I venture to use the word according to its etymology and popular acceptation as any source or fountain-head of revenue, whether land, labor or accumulated savings; and revenue as any return or income of capital, whether rent, wages or profits. The generic term is wealth, whose two species are capital and revenue in their several varieties. By circulating capital I mean simply capital in circulation, wealth of any kind held for exchange with other kinds ; and by fixed capital, as I have said, the wealth in which the circulation ends. Real'estate, slaves, machines, railways, to the dealers in those articles are as much circulating capital as food or clothes ; they all become fixed capital when taken out of the circulation for occupancy, use or consumption. Of course the same wealth gets back into circulation again sooner or later, but in a different form and other relations. Practically the solution of continuity is complete and this I take to be the basis of the real distinction between the two things.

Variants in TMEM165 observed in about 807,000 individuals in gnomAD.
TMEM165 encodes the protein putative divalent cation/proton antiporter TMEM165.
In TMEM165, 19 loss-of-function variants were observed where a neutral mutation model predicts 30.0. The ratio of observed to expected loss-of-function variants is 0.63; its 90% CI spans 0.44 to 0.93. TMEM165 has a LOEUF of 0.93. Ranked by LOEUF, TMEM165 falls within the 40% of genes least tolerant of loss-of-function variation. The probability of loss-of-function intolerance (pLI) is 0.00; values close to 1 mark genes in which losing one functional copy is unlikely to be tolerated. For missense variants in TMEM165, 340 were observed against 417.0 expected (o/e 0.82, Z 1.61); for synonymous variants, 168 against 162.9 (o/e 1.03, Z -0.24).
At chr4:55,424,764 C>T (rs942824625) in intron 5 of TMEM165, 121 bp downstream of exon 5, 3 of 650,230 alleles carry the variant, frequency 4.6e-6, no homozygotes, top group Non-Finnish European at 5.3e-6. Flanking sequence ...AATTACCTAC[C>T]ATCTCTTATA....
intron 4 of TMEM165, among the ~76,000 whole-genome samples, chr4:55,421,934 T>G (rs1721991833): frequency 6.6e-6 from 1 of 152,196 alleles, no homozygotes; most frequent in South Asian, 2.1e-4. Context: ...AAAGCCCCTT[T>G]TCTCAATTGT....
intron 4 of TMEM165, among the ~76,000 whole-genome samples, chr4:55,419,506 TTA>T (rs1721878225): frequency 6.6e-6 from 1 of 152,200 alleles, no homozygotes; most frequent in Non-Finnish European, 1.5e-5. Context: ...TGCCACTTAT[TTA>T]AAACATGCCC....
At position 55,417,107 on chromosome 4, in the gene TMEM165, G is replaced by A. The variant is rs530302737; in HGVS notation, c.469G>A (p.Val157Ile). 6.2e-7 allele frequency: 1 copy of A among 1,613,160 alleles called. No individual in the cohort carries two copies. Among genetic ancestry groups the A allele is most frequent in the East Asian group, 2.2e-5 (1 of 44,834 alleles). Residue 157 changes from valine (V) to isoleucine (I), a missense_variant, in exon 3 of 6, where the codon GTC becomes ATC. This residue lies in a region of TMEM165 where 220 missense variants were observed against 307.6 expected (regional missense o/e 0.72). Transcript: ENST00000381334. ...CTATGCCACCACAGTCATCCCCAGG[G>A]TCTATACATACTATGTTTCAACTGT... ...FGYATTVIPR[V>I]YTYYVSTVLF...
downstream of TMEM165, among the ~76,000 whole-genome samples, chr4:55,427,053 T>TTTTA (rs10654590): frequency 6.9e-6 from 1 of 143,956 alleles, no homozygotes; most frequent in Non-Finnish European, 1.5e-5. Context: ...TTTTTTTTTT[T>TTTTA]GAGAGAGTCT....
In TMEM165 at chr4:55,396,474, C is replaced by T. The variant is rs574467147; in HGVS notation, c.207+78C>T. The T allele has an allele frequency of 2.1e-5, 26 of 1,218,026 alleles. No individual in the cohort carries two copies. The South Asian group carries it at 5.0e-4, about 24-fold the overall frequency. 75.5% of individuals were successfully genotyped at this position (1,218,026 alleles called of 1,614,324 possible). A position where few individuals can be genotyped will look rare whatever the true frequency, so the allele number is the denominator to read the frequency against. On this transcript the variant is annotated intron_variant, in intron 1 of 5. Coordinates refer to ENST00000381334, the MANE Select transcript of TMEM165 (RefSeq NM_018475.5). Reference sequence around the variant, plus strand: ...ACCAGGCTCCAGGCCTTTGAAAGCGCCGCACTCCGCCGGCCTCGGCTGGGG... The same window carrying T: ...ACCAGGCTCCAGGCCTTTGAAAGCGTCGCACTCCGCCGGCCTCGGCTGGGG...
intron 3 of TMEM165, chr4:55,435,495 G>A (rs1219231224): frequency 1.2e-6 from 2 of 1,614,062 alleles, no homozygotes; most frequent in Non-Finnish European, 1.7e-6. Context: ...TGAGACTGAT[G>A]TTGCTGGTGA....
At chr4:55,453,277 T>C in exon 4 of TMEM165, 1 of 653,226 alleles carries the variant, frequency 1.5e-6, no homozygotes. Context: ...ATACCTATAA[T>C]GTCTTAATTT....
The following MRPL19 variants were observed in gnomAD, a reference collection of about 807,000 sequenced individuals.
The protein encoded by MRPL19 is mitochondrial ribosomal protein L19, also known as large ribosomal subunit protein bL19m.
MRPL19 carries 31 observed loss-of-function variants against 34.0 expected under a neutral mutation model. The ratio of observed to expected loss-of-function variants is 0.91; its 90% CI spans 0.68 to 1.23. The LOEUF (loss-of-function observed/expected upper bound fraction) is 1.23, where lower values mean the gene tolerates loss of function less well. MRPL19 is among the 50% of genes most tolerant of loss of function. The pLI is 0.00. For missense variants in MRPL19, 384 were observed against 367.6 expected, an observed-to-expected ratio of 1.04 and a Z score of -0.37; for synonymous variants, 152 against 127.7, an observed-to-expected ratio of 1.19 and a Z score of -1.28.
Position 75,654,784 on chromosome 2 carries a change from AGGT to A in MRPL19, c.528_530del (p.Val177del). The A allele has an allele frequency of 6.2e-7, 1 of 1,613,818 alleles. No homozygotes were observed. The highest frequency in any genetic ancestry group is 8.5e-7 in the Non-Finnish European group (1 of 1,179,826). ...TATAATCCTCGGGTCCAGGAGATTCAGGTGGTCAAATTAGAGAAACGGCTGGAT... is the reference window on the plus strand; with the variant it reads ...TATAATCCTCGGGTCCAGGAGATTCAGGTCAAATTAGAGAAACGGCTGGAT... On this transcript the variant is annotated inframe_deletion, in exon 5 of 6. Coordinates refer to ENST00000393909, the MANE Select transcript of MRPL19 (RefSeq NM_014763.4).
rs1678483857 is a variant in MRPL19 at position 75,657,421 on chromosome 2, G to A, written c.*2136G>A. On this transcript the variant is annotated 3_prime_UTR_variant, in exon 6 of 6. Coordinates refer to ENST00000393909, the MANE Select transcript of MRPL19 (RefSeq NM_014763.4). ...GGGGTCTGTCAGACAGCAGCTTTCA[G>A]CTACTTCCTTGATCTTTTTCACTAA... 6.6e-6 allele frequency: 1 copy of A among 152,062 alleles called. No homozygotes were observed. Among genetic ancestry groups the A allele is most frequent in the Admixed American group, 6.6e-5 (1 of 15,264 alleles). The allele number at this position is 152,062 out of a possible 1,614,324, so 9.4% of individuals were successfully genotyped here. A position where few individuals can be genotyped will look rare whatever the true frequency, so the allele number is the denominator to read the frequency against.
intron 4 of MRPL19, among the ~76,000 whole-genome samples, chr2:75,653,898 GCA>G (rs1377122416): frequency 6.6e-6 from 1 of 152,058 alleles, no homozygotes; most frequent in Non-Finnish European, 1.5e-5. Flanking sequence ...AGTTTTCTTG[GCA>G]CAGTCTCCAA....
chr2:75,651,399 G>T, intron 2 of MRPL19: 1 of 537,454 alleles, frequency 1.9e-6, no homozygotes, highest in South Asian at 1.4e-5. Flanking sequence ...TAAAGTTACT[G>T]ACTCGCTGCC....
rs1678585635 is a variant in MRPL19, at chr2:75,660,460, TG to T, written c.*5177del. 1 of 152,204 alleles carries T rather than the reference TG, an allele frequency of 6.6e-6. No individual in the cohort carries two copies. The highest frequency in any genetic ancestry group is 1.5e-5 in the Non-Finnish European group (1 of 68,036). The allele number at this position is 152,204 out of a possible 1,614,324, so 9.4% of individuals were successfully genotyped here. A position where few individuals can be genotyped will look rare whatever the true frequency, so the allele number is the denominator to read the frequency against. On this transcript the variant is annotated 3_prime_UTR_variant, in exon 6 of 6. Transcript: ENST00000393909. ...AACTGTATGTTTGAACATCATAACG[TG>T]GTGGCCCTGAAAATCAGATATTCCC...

temptation, but in ordinary circumstances he will pay for his watch out of his wages or his income. The daily wants, co veniencies and luxuries of life, in general the whole conamp. tion of the country, are ultimately provided for out of tile earnings of capital and not out of capital itself. We may therefore define the direct taxation of the circulating capital of any country as an indirect income-tax; and admitting for the moment that the State is justified in renouncing, as all States do, the direct appropriation of what rightfully belongs to it, namely a uniform proportion of every man's income, there is probably no more satisfactory source of public revenue than a tax on circulating capital.